How to prevent weak lambs?

weak lamb prevention

Good strong healthy lambs – it's what we are striving for when lambing comes around.

In the last few years, most farmers have experienced some turbulent weather during the lambing season – for many it was extreme!

The 2020 snowstorm that hit our farm right in the middle of lambing was horrendous. But the stock were amazing. We saw ewes sensibly seeking shelter, ewes desperately showing us their mothering ability, lambs doing their best to bleat in the hope that mum would hear and even a few lucky ewe/lamb families tucked up warmly in a snow cave just needing a hand to get out to grass.

The work was hard, tiring, disheartening and just plain gut-wrenching. But it did remind me of the passion that our team at VetSouth has. To work with farmers to make the ewe and lamb combination as robust as possible in the lead up to lambing. It is in these situations that you can feel proud that you have done your best by your stock – even if the outcome is not great, you did all that you could.

The following are common factors that affect lamb survival – any year;

  1. Ewe body condition score
  2. Lamb birth weight
  3. Disease in lambs
  4. Trace elements
  5. Udder health

1. Ewe Body Condition Score

Ewes in good condition (3-3.5) are the most efficient producers on your farm. She is able to:

  • Produce a placenta that is able to produce a good size lamb that has adequate oxygen, growth and fat/energy reserves.
  • Have the energy to get up after the birth and get the lamb going.
  • Produce high quality colostrum of adequate volume which leads to good milk production.
Ewe nutrition and condition from mating to weaning is key for top performance.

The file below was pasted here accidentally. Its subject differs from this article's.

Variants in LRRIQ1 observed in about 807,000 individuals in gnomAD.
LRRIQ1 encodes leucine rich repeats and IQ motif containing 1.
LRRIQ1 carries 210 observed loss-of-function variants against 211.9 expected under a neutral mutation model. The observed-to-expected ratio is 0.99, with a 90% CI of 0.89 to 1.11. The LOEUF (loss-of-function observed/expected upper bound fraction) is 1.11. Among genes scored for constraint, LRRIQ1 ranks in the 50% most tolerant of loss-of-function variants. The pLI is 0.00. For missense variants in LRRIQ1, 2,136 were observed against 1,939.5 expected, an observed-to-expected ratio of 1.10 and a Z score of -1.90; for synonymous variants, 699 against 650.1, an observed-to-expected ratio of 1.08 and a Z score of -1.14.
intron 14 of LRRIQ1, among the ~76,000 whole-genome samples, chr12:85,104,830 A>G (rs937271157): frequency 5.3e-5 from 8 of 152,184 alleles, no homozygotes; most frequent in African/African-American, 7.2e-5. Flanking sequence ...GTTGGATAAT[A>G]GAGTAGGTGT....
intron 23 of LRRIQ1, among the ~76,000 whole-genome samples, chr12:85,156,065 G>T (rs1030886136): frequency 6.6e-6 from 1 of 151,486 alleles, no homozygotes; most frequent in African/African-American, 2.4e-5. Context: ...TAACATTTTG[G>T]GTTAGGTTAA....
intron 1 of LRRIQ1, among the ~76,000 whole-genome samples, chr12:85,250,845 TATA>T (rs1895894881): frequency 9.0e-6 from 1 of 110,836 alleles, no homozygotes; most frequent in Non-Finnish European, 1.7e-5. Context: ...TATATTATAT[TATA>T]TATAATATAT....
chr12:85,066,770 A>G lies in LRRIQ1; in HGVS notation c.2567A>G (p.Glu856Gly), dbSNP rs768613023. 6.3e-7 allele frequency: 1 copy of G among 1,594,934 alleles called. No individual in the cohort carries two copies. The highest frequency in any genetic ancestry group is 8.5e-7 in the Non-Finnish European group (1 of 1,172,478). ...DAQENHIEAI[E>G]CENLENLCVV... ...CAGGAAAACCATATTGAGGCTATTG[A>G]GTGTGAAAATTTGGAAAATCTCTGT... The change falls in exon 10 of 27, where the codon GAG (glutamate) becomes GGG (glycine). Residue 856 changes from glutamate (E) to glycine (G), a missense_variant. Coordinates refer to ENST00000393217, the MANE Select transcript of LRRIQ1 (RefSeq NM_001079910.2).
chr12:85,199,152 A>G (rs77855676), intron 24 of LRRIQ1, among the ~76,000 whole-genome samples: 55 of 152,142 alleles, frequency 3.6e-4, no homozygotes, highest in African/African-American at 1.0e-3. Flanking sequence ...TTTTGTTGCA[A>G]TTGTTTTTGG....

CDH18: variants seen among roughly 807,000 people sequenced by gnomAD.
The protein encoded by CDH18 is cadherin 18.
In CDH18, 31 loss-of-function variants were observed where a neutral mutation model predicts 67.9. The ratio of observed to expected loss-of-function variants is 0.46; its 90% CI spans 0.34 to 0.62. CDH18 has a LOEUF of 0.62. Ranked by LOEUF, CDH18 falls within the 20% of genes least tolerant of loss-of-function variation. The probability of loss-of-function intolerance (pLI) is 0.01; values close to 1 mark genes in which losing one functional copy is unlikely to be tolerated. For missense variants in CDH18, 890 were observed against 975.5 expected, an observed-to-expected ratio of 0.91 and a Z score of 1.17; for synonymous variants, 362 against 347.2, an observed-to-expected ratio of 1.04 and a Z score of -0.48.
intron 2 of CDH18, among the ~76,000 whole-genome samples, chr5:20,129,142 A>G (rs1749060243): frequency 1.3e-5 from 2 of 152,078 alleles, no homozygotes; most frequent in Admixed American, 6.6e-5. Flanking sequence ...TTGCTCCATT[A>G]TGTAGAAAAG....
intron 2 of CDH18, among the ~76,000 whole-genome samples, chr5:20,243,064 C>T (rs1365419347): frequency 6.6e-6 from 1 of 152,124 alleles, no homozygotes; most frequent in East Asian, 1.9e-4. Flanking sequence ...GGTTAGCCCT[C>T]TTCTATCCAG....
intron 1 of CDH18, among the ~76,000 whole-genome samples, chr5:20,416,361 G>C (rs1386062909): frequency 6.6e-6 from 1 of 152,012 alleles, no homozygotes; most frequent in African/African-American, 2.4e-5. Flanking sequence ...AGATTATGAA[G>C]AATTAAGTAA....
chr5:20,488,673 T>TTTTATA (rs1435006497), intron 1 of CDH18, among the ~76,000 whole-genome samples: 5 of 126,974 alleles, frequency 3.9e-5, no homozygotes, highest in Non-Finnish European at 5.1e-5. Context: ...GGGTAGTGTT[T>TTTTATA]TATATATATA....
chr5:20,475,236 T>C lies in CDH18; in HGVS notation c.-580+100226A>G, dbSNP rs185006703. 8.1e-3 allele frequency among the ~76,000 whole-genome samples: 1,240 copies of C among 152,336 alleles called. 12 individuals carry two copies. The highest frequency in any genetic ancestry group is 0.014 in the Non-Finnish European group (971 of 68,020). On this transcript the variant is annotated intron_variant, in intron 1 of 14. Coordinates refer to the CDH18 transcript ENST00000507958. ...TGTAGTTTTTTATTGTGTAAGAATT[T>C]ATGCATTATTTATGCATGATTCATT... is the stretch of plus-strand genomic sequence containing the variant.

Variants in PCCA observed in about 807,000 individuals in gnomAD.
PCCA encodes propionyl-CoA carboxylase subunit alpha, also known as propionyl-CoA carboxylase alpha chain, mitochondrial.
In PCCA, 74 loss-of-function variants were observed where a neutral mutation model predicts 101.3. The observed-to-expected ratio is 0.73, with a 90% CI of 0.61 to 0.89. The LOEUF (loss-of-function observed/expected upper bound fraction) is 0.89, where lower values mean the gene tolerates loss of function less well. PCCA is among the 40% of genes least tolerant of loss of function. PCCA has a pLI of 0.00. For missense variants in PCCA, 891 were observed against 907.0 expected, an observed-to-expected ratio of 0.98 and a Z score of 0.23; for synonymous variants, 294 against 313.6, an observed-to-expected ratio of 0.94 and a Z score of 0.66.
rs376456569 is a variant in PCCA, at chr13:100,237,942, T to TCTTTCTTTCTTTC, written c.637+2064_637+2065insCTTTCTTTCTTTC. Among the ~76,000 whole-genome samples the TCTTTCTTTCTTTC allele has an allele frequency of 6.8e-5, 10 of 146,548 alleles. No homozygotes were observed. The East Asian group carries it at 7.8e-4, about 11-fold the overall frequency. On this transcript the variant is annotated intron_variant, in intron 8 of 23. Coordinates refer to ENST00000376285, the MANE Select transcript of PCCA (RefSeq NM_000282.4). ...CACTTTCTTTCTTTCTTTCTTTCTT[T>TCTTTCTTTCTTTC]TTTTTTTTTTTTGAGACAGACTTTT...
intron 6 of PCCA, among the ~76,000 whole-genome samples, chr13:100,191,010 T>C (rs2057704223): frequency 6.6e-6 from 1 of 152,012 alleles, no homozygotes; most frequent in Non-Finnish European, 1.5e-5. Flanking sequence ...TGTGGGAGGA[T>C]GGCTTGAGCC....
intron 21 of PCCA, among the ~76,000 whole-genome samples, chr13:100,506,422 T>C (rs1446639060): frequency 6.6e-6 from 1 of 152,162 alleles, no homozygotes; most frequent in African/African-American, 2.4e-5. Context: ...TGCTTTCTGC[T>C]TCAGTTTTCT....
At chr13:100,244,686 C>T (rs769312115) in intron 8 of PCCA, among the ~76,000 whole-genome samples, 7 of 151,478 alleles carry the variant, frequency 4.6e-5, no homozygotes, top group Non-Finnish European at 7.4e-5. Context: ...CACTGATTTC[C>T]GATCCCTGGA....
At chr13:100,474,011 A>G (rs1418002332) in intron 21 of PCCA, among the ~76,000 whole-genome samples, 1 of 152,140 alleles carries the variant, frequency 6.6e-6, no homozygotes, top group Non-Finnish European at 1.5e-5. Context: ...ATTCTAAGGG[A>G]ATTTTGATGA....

2. Lamb Birth Weight

Lamb survival is optimised when their birth weight is 4.2-7.4kg. When we do lamb post mortems we see many lambs below this weight which increases their chance of death around the lambing period. The key to improving this is the nutrition of the ewe in the first 60-90 days when she is producing the placenta (watch for abrupt changes of feed during this time which can have a negative effect on the placenta) and maintaining ewe condition through to lambing.

3. Disease of the Lamb

Preventing Campylobacter, Toxoplasmosis, Salmonella and Hairy Shaker has a positive impact on lamb survival. Most of these diseases not only cause abortion, but also cause lambs to be born weak – making them slow to rise and suckle, or follow their mum and consequently die from mismother/starvation/exposure.

Prevention is through stock management and vaccinations. Congratulations to those who have taken steps pre-tup to minimise disease risk. This really pays.

4. Trace Elements

We manage lamb trace elements through the ewe during gestation. The big players here are selenium and iodine. It's super important to have sufficient levels in the last third of pregnancy so that the lambs are born with muscles (heart and body) that work well (selenium), and also a fully functional heat producing system (iodine required for thyroid function). If you have ever seen a lump in the front of a lamb's neck this is a clear indication of iodine deficiency – it's pretty bad if you see this. But subclinical (no visible lump) iodine deficiency is a common contributor to low lamb survival, especially when we feed high levels of brassicas during the winter.

5. Udder Health

Any udder damage – trauma or disease – that has occurred at last lambing or any time between lambings can cause a blocked path for milk. Lambs are then unable to get a feed. Uddering ewes is an important management practice that can be performed 4 weeks after weaning right through to scanning. Hopefully, you are able to get this done and prevent hungry lambs.

Do you know why some of your lambs survive while others don’t?

Each year we do lamb survival post mortems to help work out the answer to this question. There are a number of ways to do it, but what most farmers find easiest is to have us out one or two days during lambing to do lamb post mortems. Ideally, we would do 30-40 lambs to get information which leads us to an action plan for the future season.

We realise that much of this will not be news to you. Our farmers are experts at what they do. However, we do often see that tweaks can result in much better returns to farmers and a higher level of satisfaction. We have a big team who can contribute to your success – please let us know if we can help.

- Donna Hamilton


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